I still find this whole “blogging” enterprise a very strange habit. My suspicion is that it helps relieve some repressed graphophilia, akin to what the Marquis De Sade is said to have suffered. The amount of material I have started to write and aborted about halfway through far exceeds the actual published content. There is one simple reason for this: I don’t want to add noise to the collective psyche that doesn’t need to be there. So, when I realize that I’m just creating some kind of sermon or venting, I don’t post it.
Truthfully, I’m at a loss as to why people seem to care what I think. The possession of a vocabulary, the ability to string words together, and an ISP (the only things a given stranger could know about me) do not constitute a reason for paying attention to what I have to say. But since people apparently find some value in my musings, I’m careful about what I send into the world. (Usually. I am far from a saint when it comes to Right Speech.)
The written word as power, and usually this power is abused. We live in a semantic environment made up of “earworms” and bumper sticker philosophies. “Less government.” “Family values.” “Pro-life.” “Pro-choice.” “Visualize whirled peas.” These slogans and incantations trap us in the spell we are most predisposed to fall under. That there may be some alternative view, totally unrelated to the parameters laid down by the Spectacle, rarely enters into most of our minds.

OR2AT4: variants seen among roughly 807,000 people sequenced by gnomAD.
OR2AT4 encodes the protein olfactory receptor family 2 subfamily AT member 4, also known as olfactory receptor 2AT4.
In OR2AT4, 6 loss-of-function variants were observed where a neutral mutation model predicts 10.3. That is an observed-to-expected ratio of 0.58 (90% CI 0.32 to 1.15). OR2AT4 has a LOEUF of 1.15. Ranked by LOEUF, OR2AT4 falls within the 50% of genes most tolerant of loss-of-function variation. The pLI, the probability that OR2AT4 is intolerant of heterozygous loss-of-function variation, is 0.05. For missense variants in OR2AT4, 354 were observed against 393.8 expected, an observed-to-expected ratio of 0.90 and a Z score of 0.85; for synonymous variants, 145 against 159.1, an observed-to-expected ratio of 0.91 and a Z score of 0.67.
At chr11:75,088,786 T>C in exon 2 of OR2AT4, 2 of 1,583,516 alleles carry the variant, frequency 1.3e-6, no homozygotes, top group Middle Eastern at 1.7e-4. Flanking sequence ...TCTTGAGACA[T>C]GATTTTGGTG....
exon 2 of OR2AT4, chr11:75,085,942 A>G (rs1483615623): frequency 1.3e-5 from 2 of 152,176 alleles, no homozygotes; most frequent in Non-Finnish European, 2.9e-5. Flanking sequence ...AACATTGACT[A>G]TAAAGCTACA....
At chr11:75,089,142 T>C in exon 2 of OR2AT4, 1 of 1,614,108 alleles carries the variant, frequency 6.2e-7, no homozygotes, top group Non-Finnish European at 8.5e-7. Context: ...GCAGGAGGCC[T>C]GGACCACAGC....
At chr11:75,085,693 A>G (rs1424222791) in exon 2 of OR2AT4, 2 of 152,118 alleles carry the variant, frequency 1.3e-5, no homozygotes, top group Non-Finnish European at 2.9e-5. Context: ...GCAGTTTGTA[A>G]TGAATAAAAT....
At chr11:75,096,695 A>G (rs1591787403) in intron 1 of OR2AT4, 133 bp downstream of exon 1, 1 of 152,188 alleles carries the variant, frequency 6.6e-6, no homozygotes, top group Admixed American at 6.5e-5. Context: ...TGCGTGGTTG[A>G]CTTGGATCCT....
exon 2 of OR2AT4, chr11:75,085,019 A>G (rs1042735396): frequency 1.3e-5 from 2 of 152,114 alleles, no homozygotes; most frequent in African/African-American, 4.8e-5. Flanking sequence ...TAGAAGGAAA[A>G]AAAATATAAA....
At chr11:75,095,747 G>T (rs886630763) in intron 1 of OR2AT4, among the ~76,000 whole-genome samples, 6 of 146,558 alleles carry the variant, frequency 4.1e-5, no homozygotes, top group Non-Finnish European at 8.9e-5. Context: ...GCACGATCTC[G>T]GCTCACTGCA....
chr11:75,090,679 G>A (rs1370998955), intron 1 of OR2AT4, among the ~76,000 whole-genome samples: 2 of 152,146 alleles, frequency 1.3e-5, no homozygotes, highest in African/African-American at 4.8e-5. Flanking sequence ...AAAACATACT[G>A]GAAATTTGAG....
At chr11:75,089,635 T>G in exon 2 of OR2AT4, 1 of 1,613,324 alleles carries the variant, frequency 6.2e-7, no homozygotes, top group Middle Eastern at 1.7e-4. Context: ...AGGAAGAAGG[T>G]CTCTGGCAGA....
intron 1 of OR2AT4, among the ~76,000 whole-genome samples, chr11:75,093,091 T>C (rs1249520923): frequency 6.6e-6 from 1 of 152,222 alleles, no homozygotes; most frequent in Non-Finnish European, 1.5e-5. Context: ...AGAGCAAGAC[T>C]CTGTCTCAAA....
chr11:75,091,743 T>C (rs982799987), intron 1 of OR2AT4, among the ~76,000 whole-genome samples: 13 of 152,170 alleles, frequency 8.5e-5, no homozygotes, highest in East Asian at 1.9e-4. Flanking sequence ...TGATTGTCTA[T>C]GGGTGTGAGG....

With the wide availability of internet access, almost anyone can create a blog. While this could mean a rich discourse, quite often what gets circulated are viral memes and recycled talking points. This is true across the political spectrum. And one finds that ideologies are “package deals” that require one to buy the whole shebang, and that one must simply settle for the least onerous rather than critically choosing what makes sense and what doesn’t.
What I’d like to do, what I’ve been groping for and sometimes coming close to, is a more reflective mental space. One where nothing is taken for granted, but also where firm lines may be drawn in the sand when the desire for a more open society runs up against the hard limits imposed by circumstance and logic. Ultimately, I think all political ideologies are based in the delusion that we can “plan” our society in a certain way and have the real world behave the way our scientifically arrived at abstractions tell us it will. It hasn’t worked yet. But what we can do is decide what kind of world we want to live in, and act accordingly, on our own.
So, when I make political statements, it should always be understood to include the caveat that I am posting something which is only partially true. In fact, everything I write should be understood to include that caveat, along with everything else you ever read. The sort of psychic Balkanization one finds on the internet, where you’ll find nearly everyone acting as though they know the Deep Truth about Everything and anyone who disagrees is obviously deluded, is I think detrimental to our mental health. It’s noise. And it keeps us from hearing the Voice deep within us that can help cut through the confusion.